Git integration: Git is sweeping over the development community and has taken off like wildfire. At Sonatype we use Git for the vast majority of our projects so great Git integration with Eclilpse and Maven is vital.

Maven Central statistics and metadata: Many OSS projects have been thrilled with the statistics we’ve provided them and we’ll be working in the future to provide more value from the information in Maven Central and deliver it into Maven IDE. Maven Central is an unparalleled source of interesting and useful information for developers and we want to make all that information more accessible.

So you can see that the number of paths we can potentially take are limitless. What will really help us limit our choices are the partners we find who are as committed as we are to the Maven and Eclipse ecosystems. We’re not interested in individuals, groups, or organizations that are hedging their bets with Maven and Eclipse. We are looking for individuals, groups, and organizations who are committed to the Eclipse Platform and Maven as the basis of their development infrastructures.

Things we’ll be looking for in integration partners, are: Tycho build, good test infrastructure, and a composite p2 repository for integration. Maven IDE will first be available in an OSS community edition and will be followed by future commercial versions. We are excited about building out a polished, Maven-focused distribution of Eclipse and we’re really looking for feedback from the community about what integrations to pursue first. So please let us know!

Apache and Apache Maven are trademarks of the Apache Software Foundation. Maven Central is a service mark of Sonatype, Inc. Nexus, Maven IDE, Maven Shell, and Polyglot Maven are trademarks of Sonatype, Inc. Maven Central, Maven IDE, Maven Shell, and Polyglot Maven are intended to complement Apache Maven and should not be confused with Apache Maven.


  • legege

    Maven IDE will definitely rock. Keep your good work!

  • Ludovic Havet

    Very promising!
    Regarding GWT, I personally found difficult (hmm in fact impossible) to have maven-GWT-Tomcat-eclipse-WTP to integrate nicely. Is this something we can look forward to when you are talking about ‘GWT integration’?
    kudo for your excellent tools ;-)

    • Jason van Zyl

      Yes, seamless integration with GWT is what we’re talking about. Whatever work needs to be done on the Maven plugins side, helping patch whatever is necessary on the Eclipse side and we would be working on the bridging of Maven to Eclipse within M2E.

      • Arthur

        That’s really great news! I’ve found the Maven plugin does work for the most part, but integrating with the Eclipse side isn’t great. Really looking forward to this. Thanks!

  • John

    How will products that use WTP integrate with maven IDE which will not? Are you setting up two different web application development toolsets here? For example, jboss tools integrates to WTP. Will it be possible to use maven ide and jboss tools plugins together?

    I’ve found m2eclipse very useful. I like the pom editor and especially the dependency hierarchy tab which makes it easy to resolve dependency problems. I like maven project import, maven project create wizard and add dependency wizard. I’m excited that you are pulling sonatype and eclipse experts together for a release in june. I wish I didn’t have to wait so long. :)

    • Jason van Zyl

      It will be up to third party vendors to make sure their integrations work. For example it will be JBoss who has to ensure the M2Eclipse works with JBoss tools. At an OSS level it’s impossible for us to ensure the sanity of all third party integrations. This is why Sonatype is looking for partners for Maven IDE. It will be no small task to make all these tools work well together.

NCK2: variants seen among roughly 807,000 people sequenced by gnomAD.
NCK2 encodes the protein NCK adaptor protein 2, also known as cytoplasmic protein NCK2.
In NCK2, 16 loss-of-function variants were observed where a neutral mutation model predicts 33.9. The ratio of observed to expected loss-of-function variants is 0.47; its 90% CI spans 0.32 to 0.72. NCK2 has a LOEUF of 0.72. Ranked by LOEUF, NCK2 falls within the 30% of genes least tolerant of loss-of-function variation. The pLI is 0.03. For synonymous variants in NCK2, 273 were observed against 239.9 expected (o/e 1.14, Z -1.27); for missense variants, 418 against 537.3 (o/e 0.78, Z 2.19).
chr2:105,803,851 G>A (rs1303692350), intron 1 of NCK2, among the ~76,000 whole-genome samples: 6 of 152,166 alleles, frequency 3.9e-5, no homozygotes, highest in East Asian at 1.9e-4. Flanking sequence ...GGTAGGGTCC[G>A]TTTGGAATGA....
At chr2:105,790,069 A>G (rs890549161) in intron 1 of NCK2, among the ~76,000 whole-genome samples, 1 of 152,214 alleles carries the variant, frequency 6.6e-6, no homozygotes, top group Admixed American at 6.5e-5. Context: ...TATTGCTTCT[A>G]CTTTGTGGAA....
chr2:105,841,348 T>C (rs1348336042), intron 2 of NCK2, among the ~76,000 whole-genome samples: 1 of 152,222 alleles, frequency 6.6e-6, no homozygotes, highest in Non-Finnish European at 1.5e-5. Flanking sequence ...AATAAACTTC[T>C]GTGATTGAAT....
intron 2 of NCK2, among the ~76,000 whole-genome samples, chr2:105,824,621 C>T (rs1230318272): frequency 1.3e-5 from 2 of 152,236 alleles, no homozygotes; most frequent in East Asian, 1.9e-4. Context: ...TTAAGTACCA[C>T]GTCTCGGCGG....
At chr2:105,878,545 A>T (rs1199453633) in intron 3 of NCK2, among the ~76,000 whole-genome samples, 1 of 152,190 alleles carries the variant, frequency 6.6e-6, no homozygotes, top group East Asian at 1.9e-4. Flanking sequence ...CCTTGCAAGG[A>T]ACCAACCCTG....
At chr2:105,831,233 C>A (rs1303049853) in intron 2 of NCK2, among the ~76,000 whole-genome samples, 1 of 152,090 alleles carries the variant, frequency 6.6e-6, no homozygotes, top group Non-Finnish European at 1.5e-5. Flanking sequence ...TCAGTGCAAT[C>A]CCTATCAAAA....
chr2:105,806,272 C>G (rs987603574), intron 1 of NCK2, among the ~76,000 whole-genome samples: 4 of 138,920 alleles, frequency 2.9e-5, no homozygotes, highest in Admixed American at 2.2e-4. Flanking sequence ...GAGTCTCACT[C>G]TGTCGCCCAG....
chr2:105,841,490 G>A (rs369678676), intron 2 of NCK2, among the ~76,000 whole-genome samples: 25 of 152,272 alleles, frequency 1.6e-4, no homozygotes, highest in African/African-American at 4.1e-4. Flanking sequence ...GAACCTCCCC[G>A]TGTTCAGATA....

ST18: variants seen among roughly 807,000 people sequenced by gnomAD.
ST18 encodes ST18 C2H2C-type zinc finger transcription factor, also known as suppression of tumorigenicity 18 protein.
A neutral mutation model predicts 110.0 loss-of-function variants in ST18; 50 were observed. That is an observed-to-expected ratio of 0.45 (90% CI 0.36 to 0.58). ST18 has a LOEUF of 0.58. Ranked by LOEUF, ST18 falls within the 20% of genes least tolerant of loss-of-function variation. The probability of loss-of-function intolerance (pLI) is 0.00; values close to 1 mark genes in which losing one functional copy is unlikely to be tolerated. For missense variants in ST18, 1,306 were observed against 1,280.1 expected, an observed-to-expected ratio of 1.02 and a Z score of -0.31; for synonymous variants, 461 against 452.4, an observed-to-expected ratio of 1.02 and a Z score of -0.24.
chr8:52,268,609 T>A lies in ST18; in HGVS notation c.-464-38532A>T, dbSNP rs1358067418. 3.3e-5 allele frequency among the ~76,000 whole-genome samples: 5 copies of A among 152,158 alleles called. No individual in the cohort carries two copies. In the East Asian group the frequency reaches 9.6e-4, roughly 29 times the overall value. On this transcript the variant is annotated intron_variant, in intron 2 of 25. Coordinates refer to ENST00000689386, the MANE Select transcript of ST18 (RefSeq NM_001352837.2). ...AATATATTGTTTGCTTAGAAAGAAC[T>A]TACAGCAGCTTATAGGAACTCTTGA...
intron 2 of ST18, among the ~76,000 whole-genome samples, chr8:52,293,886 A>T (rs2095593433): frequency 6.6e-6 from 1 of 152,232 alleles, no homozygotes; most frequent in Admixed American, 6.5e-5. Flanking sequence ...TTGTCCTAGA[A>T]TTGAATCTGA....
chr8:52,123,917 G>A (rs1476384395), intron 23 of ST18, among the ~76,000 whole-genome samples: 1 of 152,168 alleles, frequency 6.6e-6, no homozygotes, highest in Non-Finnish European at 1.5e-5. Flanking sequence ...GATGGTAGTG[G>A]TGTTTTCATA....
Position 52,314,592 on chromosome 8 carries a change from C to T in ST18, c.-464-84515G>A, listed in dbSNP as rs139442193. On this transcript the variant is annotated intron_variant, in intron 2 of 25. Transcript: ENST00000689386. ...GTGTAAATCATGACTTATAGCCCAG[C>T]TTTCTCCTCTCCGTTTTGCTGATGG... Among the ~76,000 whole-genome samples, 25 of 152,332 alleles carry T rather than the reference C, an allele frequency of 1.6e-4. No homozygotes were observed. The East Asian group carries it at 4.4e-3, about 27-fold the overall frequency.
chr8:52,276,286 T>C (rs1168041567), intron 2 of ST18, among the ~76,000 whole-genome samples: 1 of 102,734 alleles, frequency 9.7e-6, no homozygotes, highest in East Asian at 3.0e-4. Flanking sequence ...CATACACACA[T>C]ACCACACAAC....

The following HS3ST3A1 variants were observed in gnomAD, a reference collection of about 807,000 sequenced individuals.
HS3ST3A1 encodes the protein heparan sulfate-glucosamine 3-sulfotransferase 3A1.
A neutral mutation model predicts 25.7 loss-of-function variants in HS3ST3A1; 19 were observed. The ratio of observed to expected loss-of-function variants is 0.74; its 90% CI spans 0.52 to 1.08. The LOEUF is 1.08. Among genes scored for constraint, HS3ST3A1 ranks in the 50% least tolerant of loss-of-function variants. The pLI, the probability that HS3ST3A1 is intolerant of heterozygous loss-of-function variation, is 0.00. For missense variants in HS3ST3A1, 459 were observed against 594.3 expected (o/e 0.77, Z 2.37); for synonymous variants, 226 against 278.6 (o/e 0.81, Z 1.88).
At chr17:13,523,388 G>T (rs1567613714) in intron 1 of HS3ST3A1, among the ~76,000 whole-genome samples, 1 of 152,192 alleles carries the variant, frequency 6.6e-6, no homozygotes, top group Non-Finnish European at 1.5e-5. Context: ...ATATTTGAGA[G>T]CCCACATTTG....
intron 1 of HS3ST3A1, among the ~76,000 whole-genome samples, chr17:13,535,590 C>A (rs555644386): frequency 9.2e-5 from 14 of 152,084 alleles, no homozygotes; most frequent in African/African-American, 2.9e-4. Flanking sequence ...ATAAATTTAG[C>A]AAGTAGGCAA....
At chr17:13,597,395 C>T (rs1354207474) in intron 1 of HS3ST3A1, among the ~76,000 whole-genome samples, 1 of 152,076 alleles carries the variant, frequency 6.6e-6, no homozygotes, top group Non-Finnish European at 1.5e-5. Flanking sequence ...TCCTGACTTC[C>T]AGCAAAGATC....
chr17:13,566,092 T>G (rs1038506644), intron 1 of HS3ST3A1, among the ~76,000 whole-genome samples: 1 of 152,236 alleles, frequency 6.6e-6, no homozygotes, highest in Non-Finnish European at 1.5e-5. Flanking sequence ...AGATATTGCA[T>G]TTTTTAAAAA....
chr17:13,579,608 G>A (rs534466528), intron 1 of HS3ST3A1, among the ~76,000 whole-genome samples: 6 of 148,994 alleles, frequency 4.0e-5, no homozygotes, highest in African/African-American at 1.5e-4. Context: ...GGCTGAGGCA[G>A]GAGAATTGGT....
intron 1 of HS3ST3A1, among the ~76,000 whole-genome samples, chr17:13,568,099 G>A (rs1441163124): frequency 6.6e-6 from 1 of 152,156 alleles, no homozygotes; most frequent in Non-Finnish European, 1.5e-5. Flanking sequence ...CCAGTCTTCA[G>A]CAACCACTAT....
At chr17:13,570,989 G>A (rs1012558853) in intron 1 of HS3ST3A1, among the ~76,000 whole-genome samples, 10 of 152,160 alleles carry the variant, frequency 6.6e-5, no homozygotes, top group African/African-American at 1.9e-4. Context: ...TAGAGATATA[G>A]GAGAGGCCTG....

• maxandersen

        supporting WTP would be a good step ;) i.e. our “integration” with M2eclipse is actually the simplest part for now (i.e. enablement of features based of dependencies present in project pom).

        The hard part is the project structure + deployment/packaging + server start/stop that WTP provides API/ui for.

        I hope the MavenIDE (which I assume will be partially closedsource distribution ?) will support WTP packaging to be as open to existing integrations as possible.

        We (Red Hat) is bringing on Fred Bricon (m2eclipse WTP maintainer) to help make the divide smaller within the based distributions at least.

        • Jason van Zyl

          Until we use WTP ourselves for our own work at Sonatype (which is not likely to happen), or we have a product we need to support, like JBoss Tools, then we don’t have much practical reason to work on it. We will facilitate others working on it though. We’ve tried to help Fred as much as we can and we’ll continue to. But it’s hard not being users of WTP to attempt to support it. Just doesn’t make much practical sense.

  • Michael

    Why is is product still called M2Eclipse? It should be called MvnEclipse or something without a version number in it.

  • Holger Staudacher

    Do you plan the Maven IDE as an EPP Package? I think it should be one because from my point of view it’s just a basic Eclipse with some Plug-Ins or am I wrong? Thanks in advance.

    • sonatype

      We are just using a standard product build, and we are using Tycho to create the distributions. We want to use our Maven-based technologies to create our distributions. So if that’s possible within EPP it would be great to have Maven IDE be a standard EPP distribution.

  • Nathaniel Richand

    Do you plan a solution to auto configure Eclipse settings based on pom? We could do this in the past with additionalConfig in maven-eclipse-plugin. I can’t find a good alternative on M2Eclipse.

    Thx for the good work.

  • Manfred Moser

    Thanks a lot for including Android and the usage of the Maven Android tool chain in the project. I know that a lot of members of the Maven Android community are excited about this.

  • Kris Hofmans

    Native maven project file support please …

    Mvn eclipse:eclipse is nice, but still very annoying since there are out-of-sync periodes where your eclipse project file wasnt regenerated, and now we have to add all that extra bulk to the svn ignore, something we would like to avoid in a multi ide team. Netbeans and intellij have it, why not eclipse?

  • niko

    I would help to develop at Maven IDE, how can I do that? What can I do ?

    • Jason van Zyl

      The first release will be the OSS version, and it will be in a Github repository. Look for it in the next couple weeks. The JIRA project has been setup:

      I’ll post more when the mailing lists and wiki are up.

  • Gumnaam Sur

    Why do things have to be so complicated in the Eclipse world ?
    Look how easy it is to use Maven in Netbeans, and I have been doing it for past 3 years. Welcome to 2007 eclipse.

  • PlugTree Labs

    We Plugtree would like to help with the Drools Flow (now jBPM5) integration!